Published on June 20th, 2013 | by Clint Davis
James Gandolfini: A Death in the Family.
I’ve never been to Italy and I’m about as far from fluent in the language as you could expect a 25-year-old Ohio-native to be–but those are the first words that came to me when I saw that James Gandolfini had passed.
If I’m being totally honest, it was a complete lack of words that hit me first upon reading about the actor’s sudden death Wednesday night–and then, the Italian.
My day job is in news, so I’m hardly shocked anymore by any story that hits the wire on a given day, but this one hit me with force. Great people die all the time; almost seven months into 2013, we’ve already lost pioneers like Jonathan Winters, Ray Manzarek, George Jones, and Ray Harryhausen. But Gandolfini’s passing marks the second time I’ve lost a personal hero this year, along with Roger Ebert who died shortly after I started this website.
What makes Gandolfini’s especially tough is that he was a mere 51-years-old and had decades of life, and work, still to go. Of all the celebrity deaths in recent memory, his blindsided me most–perhaps because he was quiet. His first big role produced one of the most memorable death scenes in film history and when HBO premiered The Sopranos in 1999, the world knew Gandolfini.
…Okay, so a couple million subscribers may have known him–but after a few seasons and tons of word-of-mouth, Tony Soprano was one of America’s favorite television characters.
I’ve written before about my undying love for the series but to any fan, Gandolfini’s passing was more akin to the loss of a family member than just another face that will pop up at the ‘In Memoriam’ segment of next year’s Emmys. We spent 86 hours getting to know every fiber of what made Tony tick, probably learning more about him than we do about most of our own relatives in a lifetime. I’m not going to write another piece about how Gandolfini’s performance in The Sopranos was the single greatest in television history, as it would be similar to writing a persuasive essay about George Washington being the first President–it’s simply a fact. However, to look at how he changed the perception of television would be a worthy tribute.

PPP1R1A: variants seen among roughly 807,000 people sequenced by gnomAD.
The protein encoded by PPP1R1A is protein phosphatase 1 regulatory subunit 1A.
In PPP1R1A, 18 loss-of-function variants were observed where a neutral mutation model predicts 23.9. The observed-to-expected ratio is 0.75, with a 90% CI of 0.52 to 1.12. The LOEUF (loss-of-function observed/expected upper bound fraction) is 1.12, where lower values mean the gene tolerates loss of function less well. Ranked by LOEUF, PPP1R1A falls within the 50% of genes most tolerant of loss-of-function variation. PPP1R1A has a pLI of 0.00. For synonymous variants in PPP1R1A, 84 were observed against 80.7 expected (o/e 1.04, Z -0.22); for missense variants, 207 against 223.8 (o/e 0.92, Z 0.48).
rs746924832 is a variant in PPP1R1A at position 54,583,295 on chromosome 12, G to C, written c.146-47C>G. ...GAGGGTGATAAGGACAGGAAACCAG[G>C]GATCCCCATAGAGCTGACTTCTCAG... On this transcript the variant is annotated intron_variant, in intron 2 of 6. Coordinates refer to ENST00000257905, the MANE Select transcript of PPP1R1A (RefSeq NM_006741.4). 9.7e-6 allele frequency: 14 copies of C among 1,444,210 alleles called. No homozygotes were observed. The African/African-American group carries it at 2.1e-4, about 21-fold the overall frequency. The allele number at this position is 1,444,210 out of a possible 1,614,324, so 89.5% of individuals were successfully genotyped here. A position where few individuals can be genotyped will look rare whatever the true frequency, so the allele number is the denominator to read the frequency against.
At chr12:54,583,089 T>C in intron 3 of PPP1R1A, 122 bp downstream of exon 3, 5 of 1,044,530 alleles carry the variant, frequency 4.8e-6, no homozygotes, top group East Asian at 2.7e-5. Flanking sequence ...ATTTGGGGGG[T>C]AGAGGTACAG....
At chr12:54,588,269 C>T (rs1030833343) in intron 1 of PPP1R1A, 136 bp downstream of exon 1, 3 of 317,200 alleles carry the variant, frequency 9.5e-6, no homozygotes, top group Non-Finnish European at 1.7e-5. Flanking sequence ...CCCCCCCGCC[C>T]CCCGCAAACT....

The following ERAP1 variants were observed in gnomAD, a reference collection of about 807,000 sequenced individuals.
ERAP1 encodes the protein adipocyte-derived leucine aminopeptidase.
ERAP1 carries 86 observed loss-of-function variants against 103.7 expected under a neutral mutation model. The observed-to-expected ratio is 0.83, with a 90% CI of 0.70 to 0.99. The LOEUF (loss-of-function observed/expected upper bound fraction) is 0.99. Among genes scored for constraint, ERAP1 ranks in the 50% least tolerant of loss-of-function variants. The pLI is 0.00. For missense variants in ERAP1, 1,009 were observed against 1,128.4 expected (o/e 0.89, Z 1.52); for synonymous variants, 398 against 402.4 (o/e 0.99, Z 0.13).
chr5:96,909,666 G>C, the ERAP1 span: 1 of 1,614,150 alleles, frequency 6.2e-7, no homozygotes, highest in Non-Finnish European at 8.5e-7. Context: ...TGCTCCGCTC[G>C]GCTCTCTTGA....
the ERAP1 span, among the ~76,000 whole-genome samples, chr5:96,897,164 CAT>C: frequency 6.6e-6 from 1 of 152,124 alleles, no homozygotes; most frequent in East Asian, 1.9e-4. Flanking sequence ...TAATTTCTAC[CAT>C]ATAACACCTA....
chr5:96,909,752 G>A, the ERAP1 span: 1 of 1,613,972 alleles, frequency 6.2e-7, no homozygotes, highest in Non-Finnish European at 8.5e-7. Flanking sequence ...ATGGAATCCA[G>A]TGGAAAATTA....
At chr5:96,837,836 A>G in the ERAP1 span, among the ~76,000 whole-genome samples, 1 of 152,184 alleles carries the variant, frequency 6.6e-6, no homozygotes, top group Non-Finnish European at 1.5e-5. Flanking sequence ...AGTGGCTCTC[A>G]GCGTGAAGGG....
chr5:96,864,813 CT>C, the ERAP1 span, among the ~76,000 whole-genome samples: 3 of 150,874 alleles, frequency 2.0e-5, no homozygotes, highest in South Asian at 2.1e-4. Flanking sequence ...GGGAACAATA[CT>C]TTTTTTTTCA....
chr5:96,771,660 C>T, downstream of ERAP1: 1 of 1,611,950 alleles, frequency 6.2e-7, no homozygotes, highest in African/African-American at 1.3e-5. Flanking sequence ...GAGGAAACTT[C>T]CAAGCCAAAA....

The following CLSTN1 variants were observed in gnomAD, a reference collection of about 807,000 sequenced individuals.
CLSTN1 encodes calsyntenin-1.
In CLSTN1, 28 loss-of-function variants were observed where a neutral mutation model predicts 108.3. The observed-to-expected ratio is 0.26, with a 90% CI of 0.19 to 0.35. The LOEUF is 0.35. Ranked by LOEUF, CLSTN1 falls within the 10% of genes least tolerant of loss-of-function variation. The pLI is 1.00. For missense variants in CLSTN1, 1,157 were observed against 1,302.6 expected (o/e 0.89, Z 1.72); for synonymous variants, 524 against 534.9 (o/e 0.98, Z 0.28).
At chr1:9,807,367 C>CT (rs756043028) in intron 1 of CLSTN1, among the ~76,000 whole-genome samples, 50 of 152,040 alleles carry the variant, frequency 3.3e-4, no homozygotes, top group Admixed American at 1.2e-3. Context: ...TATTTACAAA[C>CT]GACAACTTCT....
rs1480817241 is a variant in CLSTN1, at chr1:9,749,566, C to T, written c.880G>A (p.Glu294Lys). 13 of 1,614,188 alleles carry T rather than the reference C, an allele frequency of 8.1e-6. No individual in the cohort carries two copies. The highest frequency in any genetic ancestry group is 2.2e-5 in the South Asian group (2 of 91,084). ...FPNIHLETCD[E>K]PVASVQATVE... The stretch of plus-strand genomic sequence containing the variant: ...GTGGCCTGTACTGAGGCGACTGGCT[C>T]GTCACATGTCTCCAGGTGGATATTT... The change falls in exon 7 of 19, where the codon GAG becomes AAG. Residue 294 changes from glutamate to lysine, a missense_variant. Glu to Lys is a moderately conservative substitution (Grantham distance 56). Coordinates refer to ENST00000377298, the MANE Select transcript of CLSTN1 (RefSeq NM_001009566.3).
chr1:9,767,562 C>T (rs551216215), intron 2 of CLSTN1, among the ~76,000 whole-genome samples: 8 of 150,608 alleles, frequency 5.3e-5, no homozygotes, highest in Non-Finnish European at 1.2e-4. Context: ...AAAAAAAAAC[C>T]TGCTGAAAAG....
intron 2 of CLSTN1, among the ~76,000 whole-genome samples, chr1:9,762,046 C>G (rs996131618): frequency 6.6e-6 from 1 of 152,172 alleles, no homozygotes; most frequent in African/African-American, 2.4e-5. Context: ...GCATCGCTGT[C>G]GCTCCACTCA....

Prior to that landmark series, TV was always viewed as a notch above community theatre in the acting world. Serious film actors looked at taking a gig on the tube as a last-ditch effort to resurrect a dying career or take an easy payday. What Gandolfini did was show the depths you could take a performance on episodic television if given the right scripts, network, and supporting staff. In the years since The Sopranos, television has become littered with truly great characterizations on series’ like Mad Men, Breaking Bad, In Treatment, and Boardwalk Empire (two of which were created by ex-Sopranos writers).
You’ve also seen respected screen talent stepping back from Hollywood to take roles on television including Alec Baldwin (30 Rock), Kevin Bacon (The Following), Bill Paxton (Big Love), and Jeff Daniels (The Newsroom)–often to great critical and financial success. I’m convinced this wouldn’t be the case had James Gandolfini not raised the bar as he did.
The man was seen most recently in a short but memorable turn in Zero Dark Thirty, on the Broadway stage in God of Carnage, and even on Nickelodeon in Nicky Deuce as part of a surprising Sopranos cast mini-reunion. He also collaborated again with David Chase for his upcoming film Not Fade Away–which would have surely been advertised as the pair’s reunion but will now sadly be marketed as one of Gandolfini’s final acts.
In the series, James Gandolfini always had a sadness about him, but I certainly hope he left that onscreen and found peace in his personal life. Speaking of his offscreen work, Gandolfini led a quiet, spotlight-free existence, instead using his platform to empower wounded veterans. It’s a damn shame that we lost him so young but the often-vapid world of entertainment is undeniably better because of his time here.
As for the rest of my Italian vocabulary:
Riposi in pace, e grazie.